Shomari Wills

The astonishing untold history of America’s first black millionaires—former slaves who endured incredible challenges to amass and maintain their wealth for a century, from the Jacksonian period to the Roaring Twenties—self-made entrepreneurs whose unknown success mirrored that of American business heroes such as Henry Ford, John D. Rockefeller, and Thomas Edison.

While Oprah Winfrey, Jay-Z, Beyoncé, Michael Jordan, and Will Smith are among the estimated 35,000 black millionaires in the nation today, these famous celebrities were not the first blacks to reach the storied one percent. Between the years of 1830 and 1927, as the last generation of blacks born into slavery was reaching maturity, a small group of smart, tenacious, and daring men and women broke new ground to attain the highest levels of financial success.

Black Fortunes is an intriguing look at these remarkable individuals, including Napoleon Bonaparte Drew—author Shomari Wills’ great-great-great-grandfather—the first black man in Powhatan County (contemporary Richmond) to own property in post-Civil War Virginia. His achievements were matched by five other unknown black entrepreneurs including:

  • Mary Ellen Pleasant, who used her Gold Rush wealth to further the cause of abolitionist John Brown;
  • Robert Reed Church, who became the largest landowner in Tennessee;
  • Hannah Elias, the mistress of a New York City millionaire, who used the land her lover gave her to build an empire in Harlem;
  • Orphan and self-taught chemist Annie Turnbo-Malone, who developed the first national brand of hair care products;
  • Madam C. J Walker, Turnbo-Malone’s employee who would earn the nickname America’s "first female black millionaire;"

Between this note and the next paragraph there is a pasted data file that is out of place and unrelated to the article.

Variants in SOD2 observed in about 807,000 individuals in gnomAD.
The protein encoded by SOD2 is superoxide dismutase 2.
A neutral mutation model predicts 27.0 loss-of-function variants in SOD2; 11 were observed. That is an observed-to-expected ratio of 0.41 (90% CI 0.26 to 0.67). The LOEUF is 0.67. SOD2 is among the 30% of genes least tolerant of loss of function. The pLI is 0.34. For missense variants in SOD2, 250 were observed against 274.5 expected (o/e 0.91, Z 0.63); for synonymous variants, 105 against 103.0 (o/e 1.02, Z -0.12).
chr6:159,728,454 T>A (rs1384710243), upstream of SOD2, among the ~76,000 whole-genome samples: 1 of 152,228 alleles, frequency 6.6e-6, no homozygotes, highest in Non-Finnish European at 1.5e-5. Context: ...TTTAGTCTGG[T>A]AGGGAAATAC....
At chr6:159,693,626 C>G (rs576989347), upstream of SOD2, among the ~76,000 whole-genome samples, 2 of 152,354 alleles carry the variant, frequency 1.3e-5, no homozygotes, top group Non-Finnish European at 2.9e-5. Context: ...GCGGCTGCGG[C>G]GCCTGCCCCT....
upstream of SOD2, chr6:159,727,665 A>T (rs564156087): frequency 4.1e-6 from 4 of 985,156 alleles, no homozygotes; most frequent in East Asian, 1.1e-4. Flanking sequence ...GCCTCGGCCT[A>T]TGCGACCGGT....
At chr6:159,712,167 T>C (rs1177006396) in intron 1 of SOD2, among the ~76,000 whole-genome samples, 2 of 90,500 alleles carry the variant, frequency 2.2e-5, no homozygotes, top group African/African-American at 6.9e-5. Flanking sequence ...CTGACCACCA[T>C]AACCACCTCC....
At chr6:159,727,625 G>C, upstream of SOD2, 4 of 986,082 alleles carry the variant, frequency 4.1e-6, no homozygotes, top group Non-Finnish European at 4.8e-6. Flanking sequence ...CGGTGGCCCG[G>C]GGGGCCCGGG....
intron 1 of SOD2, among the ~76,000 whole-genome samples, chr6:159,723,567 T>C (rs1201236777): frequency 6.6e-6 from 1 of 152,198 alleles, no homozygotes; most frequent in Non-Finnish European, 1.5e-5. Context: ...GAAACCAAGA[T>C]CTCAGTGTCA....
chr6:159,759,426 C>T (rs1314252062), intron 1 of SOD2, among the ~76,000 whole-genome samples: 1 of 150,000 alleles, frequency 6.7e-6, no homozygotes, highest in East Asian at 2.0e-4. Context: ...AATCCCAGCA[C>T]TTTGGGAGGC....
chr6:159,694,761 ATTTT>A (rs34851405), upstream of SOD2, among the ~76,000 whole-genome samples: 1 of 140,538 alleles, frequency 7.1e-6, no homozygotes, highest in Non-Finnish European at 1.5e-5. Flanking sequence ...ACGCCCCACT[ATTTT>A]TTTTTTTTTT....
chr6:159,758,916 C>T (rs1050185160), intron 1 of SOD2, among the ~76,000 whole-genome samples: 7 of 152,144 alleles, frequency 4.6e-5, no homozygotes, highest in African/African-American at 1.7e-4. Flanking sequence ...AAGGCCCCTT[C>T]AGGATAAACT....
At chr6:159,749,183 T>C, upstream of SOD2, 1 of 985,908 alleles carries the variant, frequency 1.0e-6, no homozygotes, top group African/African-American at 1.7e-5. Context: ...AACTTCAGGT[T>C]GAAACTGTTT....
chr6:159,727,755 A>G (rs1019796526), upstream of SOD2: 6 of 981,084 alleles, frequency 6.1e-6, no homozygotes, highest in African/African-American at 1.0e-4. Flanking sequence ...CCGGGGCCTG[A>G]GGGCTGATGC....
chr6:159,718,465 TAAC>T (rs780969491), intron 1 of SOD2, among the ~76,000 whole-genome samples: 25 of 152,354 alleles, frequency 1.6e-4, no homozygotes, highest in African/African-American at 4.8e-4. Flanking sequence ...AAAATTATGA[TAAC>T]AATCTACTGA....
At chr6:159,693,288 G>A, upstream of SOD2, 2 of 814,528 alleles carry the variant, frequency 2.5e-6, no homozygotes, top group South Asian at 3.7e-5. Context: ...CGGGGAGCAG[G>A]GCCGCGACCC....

• Mississippi school teacher O. W. Gurley, who developed a piece of Tulsa, Oklahoma, into a "town" for wealthy black professionals and craftsmen" that would become known as "the Black Wall Street."

A fresh, little-known chapter in the nation’s story—A blend of Hidden Figures, Titan, and The Tycoons—Black Fortunes illuminates the birth of the black business titan and the emergence of the black marketplace in America as never before.

Damon Tweedy
One doctor's passionate and profound memoir of his experience grappling with racial identity, bias, and the unique health problems of black Americans. When Damon Tweedy first enters the halls of Duke University Medical School on a full scholarship, he envisions a bright future where his segregated, working-class background will become largely irrelevant. Instead he finds that he has joined a new world where race is front and center. When one of his first professors mistakes him for a maintenance worker, it is a moment that crystallizes the challenges he will face throughout his early career. Making matters worse, in lecture after lecture the common refrain for numerous diseases resounds: ""more common in blacks than whites."" In riveting, honest prose, Black Man in a White Coat examines the complex ways in which both black doctors and patients must navigate the difficult and often contradictory terrain of race and medicine. As Tweedy transforms from student to practicing physician, he discovers how often race influences his encounters with patients. Through their stories, he illustrates the complex social, cultural, and economic factors at the root of most health problems in the black community. These elements take on greater meaning when Tweedy finds himself diagnosed with a chronic disease far more common among black people. In this powerful, moving, and compassionate book, Tweedy deftly explores the challenges confronting black doctors and the disproportionate health burdens faced by black patients, ultimately seeking a way forward to better treatment and more compassionate care.